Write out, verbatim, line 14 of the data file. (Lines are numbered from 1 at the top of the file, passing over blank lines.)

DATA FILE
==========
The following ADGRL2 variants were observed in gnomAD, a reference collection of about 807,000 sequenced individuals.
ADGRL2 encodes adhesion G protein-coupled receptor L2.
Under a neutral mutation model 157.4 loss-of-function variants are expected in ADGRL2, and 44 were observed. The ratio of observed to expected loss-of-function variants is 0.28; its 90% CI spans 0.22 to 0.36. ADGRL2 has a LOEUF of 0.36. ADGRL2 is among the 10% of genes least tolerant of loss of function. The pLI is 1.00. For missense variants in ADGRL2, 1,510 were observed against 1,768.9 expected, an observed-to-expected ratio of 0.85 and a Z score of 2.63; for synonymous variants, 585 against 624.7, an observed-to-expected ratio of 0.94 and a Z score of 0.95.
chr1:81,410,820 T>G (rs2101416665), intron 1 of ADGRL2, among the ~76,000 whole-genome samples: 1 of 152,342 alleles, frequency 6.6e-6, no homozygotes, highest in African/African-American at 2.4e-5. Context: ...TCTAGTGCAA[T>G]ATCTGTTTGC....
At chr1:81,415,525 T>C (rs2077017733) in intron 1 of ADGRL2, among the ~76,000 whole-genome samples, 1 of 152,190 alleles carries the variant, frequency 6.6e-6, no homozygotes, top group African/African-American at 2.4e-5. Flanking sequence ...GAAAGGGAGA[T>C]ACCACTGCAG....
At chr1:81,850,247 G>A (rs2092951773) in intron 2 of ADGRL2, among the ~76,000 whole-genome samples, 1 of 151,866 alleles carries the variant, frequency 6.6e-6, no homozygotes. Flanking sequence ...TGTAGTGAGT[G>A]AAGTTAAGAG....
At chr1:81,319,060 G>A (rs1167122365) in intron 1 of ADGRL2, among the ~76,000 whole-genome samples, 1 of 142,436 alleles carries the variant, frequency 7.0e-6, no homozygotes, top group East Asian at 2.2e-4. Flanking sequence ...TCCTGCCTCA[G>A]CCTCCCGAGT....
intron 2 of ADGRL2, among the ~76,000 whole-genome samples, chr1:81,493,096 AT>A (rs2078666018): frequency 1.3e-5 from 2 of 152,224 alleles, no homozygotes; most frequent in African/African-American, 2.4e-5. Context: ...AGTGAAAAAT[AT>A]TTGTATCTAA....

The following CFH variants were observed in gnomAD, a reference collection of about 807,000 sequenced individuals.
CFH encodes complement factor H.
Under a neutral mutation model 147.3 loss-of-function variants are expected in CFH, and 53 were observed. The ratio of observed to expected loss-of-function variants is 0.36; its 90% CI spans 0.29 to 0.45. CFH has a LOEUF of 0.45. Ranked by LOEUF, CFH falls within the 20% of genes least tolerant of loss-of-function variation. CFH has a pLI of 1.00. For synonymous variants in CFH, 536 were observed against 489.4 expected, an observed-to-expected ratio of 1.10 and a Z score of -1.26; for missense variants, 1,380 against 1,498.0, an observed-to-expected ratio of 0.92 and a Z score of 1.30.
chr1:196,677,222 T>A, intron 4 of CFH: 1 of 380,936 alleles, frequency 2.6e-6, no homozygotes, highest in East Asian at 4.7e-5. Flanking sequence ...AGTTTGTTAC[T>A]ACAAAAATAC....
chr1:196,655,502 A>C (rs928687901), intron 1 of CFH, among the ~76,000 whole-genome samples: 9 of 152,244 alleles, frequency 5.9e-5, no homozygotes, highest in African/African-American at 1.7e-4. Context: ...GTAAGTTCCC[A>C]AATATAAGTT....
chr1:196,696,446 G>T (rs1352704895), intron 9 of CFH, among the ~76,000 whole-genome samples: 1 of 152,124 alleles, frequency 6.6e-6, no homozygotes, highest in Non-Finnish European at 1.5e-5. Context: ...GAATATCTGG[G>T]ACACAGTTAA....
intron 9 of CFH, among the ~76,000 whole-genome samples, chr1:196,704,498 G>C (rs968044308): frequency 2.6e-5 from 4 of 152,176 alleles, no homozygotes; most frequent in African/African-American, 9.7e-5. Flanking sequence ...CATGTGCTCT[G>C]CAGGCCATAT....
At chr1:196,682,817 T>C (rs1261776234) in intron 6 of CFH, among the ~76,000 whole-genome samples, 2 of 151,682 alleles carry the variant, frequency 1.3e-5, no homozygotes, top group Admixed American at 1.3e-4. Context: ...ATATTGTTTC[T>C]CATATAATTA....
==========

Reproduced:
chr1:196,696,446 G>T (rs1352704895), intron 9 of CFH, among the ~76,000 whole-genome samples: 1 of 152,124 alleles, frequency 6.6e-6, no homozygotes, highest in Non-Finnish European at 1.5e-5. Context: ...GAATATCTGG[G>T]ACACAGTTAA....